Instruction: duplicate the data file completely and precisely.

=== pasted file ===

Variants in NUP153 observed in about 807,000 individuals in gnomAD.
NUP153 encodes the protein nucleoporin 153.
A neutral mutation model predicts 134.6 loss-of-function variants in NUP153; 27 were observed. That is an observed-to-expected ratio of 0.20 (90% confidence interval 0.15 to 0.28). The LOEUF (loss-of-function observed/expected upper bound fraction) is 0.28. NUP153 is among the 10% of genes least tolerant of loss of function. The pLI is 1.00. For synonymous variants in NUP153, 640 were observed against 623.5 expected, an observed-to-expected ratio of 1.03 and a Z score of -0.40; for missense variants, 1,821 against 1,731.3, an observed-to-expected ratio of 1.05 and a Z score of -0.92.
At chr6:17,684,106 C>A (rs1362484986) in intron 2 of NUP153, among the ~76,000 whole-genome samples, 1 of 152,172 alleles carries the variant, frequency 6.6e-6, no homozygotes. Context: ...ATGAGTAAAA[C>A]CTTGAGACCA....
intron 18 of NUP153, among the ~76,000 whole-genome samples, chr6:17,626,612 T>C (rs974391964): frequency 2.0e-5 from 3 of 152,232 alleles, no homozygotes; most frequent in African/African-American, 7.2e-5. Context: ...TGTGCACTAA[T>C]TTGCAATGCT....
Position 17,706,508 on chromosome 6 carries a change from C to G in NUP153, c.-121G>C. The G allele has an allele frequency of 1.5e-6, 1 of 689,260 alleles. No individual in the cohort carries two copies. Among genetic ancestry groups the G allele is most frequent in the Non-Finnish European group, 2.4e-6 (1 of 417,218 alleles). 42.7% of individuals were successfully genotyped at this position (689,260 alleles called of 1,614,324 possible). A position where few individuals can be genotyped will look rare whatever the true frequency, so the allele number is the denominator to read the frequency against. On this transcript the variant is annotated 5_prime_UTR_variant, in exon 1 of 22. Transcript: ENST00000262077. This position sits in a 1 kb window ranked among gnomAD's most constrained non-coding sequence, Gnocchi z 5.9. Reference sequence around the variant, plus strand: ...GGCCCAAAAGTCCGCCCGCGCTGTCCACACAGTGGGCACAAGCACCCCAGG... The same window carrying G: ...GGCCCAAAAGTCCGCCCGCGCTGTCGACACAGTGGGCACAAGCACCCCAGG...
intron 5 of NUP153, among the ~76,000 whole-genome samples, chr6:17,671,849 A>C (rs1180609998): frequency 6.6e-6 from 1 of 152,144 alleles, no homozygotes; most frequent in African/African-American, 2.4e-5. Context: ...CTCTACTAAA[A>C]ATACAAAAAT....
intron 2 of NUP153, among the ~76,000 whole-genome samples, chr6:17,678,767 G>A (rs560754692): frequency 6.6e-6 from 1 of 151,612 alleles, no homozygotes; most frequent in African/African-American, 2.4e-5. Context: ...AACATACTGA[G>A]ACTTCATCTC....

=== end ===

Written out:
Variants in NUP153 observed in about 807,000 individuals in gnomAD.
NUP153 encodes the protein nucleoporin 153.
A neutral mutation model predicts 134.6 loss-of-function variants in NUP153; 27 were observed. That is an observed-to-expected ratio of 0.20 (90% confidence interval 0.15 to 0.28). The LOEUF (loss-of-function observed/expected upper bound fraction) is 0.28. NUP153 is among the 10% of genes least tolerant of loss of function. The pLI is 1.00. For synonymous variants in NUP153, 640 were observed against 623.5 expected, an observed-to-expected ratio of 1.03 and a Z score of -0.40; for missense variants, 1,821 against 1,731.3, an observed-to-expected ratio of 1.05 and a Z score of -0.92.
At chr6:17,684,106 C>A (rs1362484986) in intron 2 of NUP153, among the ~76,000 whole-genome samples, 1 of 152,172 alleles carries the variant, frequency 6.6e-6, no homozygotes. Context: ...ATGAGTAAAA[C>A]CTTGAGACCA....
intron 18 of NUP153, among the ~76,000 whole-genome samples, chr6:17,626,612 T>C (rs974391964): frequency 2.0e-5 from 3 of 152,232 alleles, no homozygotes; most frequent in African/African-American, 7.2e-5. Context: ...TGTGCACTAA[T>C]TTGCAATGCT....
Position 17,706,508 on chromosome 6 carries a change from C to G in NUP153, c.-121G>C. The G allele has an allele frequency of 1.5e-6, 1 of 689,260 alleles. No individual in the cohort carries two copies. Among genetic ancestry groups the G allele is most frequent in the Non-Finnish European group, 2.4e-6 (1 of 417,218 alleles). 42.7% of individuals were successfully genotyped at this position (689,260 alleles called of 1,614,324 possible). A position where few individuals can be genotyped will look rare whatever the true frequency, so the allele number is the denominator to read the frequency against. On this transcript the variant is annotated 5_prime_UTR_variant, in exon 1 of 22. Transcript: ENST00000262077. This position sits in a 1 kb window ranked among gnomAD's most constrained non-coding sequence, Gnocchi z 5.9. Reference sequence around the variant, plus strand: ...GGCCCAAAAGTCCGCCCGCGCTGTCCACACAGTGGGCACAAGCACCCCAGG... The same window carrying G: ...GGCCCAAAAGTCCGCCCGCGCTGTCGACACAGTGGGCACAAGCACCCCAGG...
intron 5 of NUP153, among the ~76,000 whole-genome samples, chr6:17,671,849 A>C (rs1180609998): frequency 6.6e-6 from 1 of 152,144 alleles, no homozygotes; most frequent in African/African-American, 2.4e-5. Context: ...CTCTACTAAA[A>C]ATACAAAAAT....
intron 2 of NUP153, among the ~76,000 whole-genome samples, chr6:17,678,767 G>A (rs560754692): frequency 6.6e-6 from 1 of 151,612 alleles, no homozygotes; most frequent in African/African-American, 2.4e-5. Context: ...AACATACTGA[G>A]ACTTCATCTC....